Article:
Is McDonald’s a Top Dividend Stock for Volatile Markets


The fast food giant McDonald’s Corporation (NYSE: MCD) saw excellent global comparable sales in the second quarter, up nearly 10% and growth across all segments (US segment up 3.7%, International Operating Markets segment up 13% and the International Development Licensed Markets segment increased by 16%). Sales in the six major markets exceeded $6 billion in the quarter.



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Let’s take a closer look at McDonald’s as a company, why you should consider investing in McDonald’s (and why you might not want to invest in the fast food giant).

Read more: Should you buy dividend stocks during inflation?

About McDonald’s

Today, Chicago-based McDonald’s Corporation operates and franchises restaurants worldwide. It is famous for its hamburgers and cheeseburgers, chicken nuggets, fries, milkshakes, desserts, sundaes, soft serve cones, sodas, coffee, bagel and cookie sandwiches, breakfast burritos, hot cakes and other specialties.

You may be intimately aware of its ubiquitous name and brand, but what about its history? Let’s take a quick look.

After Dick and Mac McDonald failed in the movie business, they realized their ability to operate drive-in restaurants. In 1948, they sold 15-cent burgers and began franchising their restaurant, offering burgers, shakes and fries. Ray Kroc became the franchise agent for the McDonald brothers and in 1955, opened the first McDonald’s east of the Mississippi River. By 1967, McDonald’s restaurants had opened in Canada and Puerto Rico and now has more than 36,000 restaurants in more than 100 countries.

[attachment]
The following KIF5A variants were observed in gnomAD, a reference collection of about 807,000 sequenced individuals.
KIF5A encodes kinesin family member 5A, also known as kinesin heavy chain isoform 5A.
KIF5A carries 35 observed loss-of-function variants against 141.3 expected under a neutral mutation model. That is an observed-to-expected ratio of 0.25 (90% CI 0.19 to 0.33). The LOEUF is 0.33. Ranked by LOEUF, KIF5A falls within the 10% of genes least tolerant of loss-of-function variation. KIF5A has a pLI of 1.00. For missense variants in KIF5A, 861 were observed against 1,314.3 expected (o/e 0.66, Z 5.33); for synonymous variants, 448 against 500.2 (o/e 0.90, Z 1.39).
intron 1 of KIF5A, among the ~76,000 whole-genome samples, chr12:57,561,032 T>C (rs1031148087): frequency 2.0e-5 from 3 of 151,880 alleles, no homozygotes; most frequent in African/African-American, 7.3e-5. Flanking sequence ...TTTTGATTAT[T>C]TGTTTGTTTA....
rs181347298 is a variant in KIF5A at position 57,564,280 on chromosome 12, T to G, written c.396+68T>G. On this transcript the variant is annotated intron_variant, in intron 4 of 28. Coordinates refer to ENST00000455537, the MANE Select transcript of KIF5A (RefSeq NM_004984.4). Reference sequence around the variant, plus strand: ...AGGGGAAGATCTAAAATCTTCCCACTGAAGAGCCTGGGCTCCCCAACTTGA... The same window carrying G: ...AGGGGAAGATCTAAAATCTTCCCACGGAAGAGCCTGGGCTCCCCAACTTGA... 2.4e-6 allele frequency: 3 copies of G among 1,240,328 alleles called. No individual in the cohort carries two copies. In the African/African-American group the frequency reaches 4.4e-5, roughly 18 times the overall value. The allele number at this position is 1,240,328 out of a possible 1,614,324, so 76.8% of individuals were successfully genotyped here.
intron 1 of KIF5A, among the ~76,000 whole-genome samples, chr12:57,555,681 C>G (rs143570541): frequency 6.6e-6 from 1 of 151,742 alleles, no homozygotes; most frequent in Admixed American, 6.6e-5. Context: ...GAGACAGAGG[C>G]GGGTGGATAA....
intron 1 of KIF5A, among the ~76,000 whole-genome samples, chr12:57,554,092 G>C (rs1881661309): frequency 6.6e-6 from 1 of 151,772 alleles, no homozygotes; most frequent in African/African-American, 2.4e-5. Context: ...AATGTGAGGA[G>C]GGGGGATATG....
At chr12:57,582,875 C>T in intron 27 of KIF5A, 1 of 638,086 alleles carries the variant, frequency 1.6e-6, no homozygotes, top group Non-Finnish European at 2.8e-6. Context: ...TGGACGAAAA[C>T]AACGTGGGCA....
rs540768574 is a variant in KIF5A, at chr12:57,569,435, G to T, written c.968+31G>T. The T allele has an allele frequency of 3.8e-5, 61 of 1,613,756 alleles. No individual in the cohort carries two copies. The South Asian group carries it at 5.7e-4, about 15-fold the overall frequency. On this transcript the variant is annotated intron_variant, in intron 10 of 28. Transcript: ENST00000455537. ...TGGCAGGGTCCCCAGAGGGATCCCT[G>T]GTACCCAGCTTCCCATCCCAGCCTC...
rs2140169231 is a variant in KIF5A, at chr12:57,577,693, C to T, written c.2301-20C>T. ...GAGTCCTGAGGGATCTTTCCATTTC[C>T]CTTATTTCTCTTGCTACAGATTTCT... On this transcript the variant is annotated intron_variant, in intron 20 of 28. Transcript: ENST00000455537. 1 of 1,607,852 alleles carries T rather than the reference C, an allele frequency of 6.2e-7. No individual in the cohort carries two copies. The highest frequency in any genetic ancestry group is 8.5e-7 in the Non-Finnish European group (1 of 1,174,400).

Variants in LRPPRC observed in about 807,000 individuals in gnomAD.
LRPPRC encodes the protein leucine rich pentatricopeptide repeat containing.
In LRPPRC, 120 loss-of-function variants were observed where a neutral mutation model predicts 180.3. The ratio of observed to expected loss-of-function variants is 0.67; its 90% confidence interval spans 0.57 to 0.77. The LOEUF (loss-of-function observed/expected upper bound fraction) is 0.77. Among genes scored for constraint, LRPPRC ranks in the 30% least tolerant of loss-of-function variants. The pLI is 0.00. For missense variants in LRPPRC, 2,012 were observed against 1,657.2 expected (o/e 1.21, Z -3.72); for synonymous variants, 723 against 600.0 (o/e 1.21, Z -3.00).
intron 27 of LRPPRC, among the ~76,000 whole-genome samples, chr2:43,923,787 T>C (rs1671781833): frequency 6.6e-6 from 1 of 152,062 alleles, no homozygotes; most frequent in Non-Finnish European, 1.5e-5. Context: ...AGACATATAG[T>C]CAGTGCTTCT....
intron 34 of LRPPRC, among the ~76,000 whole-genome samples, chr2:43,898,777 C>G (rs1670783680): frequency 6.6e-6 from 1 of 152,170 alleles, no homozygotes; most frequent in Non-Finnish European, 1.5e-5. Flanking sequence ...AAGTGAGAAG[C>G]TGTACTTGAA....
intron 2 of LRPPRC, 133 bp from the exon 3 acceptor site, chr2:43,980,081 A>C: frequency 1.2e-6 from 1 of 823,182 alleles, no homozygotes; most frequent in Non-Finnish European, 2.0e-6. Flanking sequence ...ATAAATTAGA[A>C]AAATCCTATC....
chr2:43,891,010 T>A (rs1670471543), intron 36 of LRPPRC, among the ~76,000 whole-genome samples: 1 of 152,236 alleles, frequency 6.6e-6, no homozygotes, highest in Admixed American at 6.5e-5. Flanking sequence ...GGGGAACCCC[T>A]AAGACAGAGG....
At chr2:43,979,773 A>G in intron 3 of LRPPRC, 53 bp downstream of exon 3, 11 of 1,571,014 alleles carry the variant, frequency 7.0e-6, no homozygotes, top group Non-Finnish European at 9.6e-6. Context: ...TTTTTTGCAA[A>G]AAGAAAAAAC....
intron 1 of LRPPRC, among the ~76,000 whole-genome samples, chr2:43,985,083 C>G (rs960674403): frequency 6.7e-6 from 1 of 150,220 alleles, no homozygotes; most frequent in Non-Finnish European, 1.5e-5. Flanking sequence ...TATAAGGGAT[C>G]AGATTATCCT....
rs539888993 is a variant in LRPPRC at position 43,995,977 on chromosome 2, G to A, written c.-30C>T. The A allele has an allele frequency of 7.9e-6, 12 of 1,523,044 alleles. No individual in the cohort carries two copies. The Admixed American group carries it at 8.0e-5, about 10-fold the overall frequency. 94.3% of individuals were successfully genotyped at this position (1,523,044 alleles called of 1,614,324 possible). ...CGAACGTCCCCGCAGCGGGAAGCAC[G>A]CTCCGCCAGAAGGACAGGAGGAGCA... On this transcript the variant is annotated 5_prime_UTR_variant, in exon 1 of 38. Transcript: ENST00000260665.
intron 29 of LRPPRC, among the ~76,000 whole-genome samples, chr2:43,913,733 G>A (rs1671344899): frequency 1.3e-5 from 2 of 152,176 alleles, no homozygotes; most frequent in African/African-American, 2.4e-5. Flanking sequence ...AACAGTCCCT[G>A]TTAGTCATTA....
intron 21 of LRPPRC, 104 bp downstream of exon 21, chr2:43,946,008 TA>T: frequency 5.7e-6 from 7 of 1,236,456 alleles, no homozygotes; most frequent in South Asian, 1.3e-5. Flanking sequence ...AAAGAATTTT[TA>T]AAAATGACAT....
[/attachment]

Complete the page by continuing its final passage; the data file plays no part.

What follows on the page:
Along the way, the restaurant created the Filet-O-Fish sandwich (in 1965), the Big Mac (in 1968), the Quarter Pounder and Quarter Pounder with Cheese (in 1973), the Egg McMuffin (in 1975 ), the Chicken McNuggets. (in 1983) and the McFlurry dessert (in 1995). The Ronald McDonald House was established in 1974 and its global advertising campaign, “I’m lovin’ it” was launched in 2003. In 2020, McDonald’s opened its first net zero design restaurant at the Walt Disney World Resort.

McDonald’s had its initial public offering (IPO) on April 21, 1965. One share cost investors $22.50 and the stock went for $30 per share on the first day of trading. Let’s say you bought 100 shares the day it went public. By March 1999, you would have had over 74,000 shares due to 12 stock splits that cumulatively increased the number of shares by a factor of 729. You would have had nearly $16,000,000 on hand. In 2022, the company is worth about $185.17 billion.

Why you should consider investing in McDonald’s

Let’s take a look at why you might want to consider investing in McDonald’s.

  • Earnings: McDonald’s raised its pre-pandemic revenue in 2021 after earnings fell in 2020. Indeed, revenue rose to $23.2 billion in 2021 from $21.3 billion in 2019. Global comparable sales increased 9.7% across all segments and the US alone increased by 37%. , outperforming the S&P 500 benchmarks.